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Micro-plastic ingestion by waterbirds from contaminated wetlands in South Africa
- Reynolds, Chevonne, Ryan, Peter G.
- Marine pollution bulletin 2018 v.126 pp. 330-333
- biodiversity, ducks, feces, foraging, freshwater, freshwater ecosystems, ingestion, marine ecosystems, plastics, pollutants, sewage treatment, water birds, water pollution, wetlands, South Africa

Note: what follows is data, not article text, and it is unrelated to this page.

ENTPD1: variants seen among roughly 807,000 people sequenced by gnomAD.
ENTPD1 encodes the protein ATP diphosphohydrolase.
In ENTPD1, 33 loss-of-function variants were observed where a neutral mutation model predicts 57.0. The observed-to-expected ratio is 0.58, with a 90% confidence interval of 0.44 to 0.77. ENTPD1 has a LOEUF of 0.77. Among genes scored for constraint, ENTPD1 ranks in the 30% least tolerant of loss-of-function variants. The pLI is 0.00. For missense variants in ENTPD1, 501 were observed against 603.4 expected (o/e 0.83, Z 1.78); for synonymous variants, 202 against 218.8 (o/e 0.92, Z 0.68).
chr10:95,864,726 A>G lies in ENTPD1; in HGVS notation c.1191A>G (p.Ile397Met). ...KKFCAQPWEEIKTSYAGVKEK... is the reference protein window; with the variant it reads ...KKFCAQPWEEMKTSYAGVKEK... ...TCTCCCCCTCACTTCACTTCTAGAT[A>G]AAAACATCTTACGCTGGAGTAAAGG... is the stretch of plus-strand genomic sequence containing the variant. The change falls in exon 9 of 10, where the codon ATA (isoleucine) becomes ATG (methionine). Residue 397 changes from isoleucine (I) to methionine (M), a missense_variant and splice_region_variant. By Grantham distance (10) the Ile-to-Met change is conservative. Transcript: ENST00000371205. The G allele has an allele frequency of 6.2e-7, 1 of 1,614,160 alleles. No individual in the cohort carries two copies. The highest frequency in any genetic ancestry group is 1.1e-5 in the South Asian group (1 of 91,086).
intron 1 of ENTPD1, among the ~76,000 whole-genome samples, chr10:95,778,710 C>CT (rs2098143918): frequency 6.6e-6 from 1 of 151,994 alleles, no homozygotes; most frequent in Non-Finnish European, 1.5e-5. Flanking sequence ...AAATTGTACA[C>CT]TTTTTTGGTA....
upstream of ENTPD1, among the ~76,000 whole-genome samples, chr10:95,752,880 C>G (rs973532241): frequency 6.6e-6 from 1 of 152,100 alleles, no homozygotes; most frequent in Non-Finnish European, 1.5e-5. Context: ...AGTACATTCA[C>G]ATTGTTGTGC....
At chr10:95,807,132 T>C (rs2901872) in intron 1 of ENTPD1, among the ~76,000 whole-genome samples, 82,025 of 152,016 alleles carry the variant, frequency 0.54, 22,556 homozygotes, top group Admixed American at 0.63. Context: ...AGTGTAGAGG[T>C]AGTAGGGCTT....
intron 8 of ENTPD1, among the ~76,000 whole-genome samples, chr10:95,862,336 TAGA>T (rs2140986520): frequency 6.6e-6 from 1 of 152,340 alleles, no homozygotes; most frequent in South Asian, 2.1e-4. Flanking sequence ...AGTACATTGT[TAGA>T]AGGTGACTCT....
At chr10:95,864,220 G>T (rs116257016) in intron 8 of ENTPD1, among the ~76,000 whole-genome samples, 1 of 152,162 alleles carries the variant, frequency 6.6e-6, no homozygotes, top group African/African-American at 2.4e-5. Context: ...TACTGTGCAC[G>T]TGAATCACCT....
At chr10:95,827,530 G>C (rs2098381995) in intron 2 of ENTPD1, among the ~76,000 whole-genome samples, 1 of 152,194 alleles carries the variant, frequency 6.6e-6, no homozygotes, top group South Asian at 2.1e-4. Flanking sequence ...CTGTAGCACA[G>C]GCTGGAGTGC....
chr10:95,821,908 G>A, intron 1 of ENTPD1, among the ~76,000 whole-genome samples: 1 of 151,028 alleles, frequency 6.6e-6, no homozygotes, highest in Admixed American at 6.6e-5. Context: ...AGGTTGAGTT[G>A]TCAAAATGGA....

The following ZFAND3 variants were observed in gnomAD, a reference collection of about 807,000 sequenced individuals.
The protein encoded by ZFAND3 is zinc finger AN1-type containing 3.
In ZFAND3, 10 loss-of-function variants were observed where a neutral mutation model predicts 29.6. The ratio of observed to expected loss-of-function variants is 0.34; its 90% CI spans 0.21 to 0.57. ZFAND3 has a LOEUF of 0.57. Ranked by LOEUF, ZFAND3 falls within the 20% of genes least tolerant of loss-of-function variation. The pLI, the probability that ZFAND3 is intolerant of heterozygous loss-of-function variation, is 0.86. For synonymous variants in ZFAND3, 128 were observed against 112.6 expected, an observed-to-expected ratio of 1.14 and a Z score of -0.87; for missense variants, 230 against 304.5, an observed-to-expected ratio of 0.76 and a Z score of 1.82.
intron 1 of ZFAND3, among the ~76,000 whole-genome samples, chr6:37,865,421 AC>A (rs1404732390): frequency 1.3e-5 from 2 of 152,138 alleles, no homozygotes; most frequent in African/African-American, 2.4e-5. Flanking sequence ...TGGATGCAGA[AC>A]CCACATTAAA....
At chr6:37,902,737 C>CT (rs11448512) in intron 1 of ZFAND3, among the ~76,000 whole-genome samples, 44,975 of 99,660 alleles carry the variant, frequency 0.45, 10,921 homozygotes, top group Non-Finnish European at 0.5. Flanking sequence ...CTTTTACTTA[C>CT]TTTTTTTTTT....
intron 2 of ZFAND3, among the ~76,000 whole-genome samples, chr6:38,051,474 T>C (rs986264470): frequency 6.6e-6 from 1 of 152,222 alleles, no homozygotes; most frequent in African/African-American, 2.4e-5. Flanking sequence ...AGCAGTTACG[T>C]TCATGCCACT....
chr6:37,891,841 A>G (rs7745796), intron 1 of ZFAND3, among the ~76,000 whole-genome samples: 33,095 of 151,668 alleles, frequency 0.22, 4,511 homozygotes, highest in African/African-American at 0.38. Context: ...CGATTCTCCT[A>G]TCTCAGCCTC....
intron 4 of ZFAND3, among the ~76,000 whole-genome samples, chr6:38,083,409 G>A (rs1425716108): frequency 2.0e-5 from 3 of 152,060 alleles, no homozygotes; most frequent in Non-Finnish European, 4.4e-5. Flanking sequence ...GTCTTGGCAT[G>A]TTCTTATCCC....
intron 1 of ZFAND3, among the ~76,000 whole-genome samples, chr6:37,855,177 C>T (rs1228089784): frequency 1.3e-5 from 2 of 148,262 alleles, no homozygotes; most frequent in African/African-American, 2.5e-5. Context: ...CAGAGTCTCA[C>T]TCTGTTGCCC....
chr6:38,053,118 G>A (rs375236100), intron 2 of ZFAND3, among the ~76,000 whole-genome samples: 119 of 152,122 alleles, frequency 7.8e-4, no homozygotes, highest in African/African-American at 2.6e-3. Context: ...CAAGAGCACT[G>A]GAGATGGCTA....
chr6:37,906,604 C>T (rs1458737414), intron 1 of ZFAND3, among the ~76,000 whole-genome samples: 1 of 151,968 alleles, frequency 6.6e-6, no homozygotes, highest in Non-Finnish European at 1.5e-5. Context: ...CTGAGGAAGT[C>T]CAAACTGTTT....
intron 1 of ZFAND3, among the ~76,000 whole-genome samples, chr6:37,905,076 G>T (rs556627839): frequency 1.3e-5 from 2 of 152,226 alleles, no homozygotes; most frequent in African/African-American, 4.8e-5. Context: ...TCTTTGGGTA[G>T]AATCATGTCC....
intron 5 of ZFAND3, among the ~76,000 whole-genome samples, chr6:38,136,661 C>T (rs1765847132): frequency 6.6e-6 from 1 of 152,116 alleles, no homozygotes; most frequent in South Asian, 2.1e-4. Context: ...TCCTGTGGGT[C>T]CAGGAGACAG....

- Despite a large literature on the impacts of micro-plastic pollution in marine ecosystems, very little research has focused on these pollutants in freshwater ecosystems. Recently, however, a few studies have demonstrated that micro-plastic pollutants are ingested by freshwater taxa, including birds. To explore this potential environmental threat in African freshwater systems we quantified micro-plastic pollutants in the faeces and feather brushings of seven southern African duck species. We analysed 283 faecal samples and 408 feather brushings, and found that 5% of faecal samples and 10% of feather samples contained micro-plastic fibres. The presence and abundance of micro-fibres differed between sampling sites, with significantly higher amounts recorded for the site that received effluent from a sewage treatment facility. Additionally, micro-fibre presence differed across duck species, indicating that foraging behaviour affects plastic ingestion. Our study confirms that African freshwater ecosystems and the biodiversity they support are under threat from micro-plastic contamination.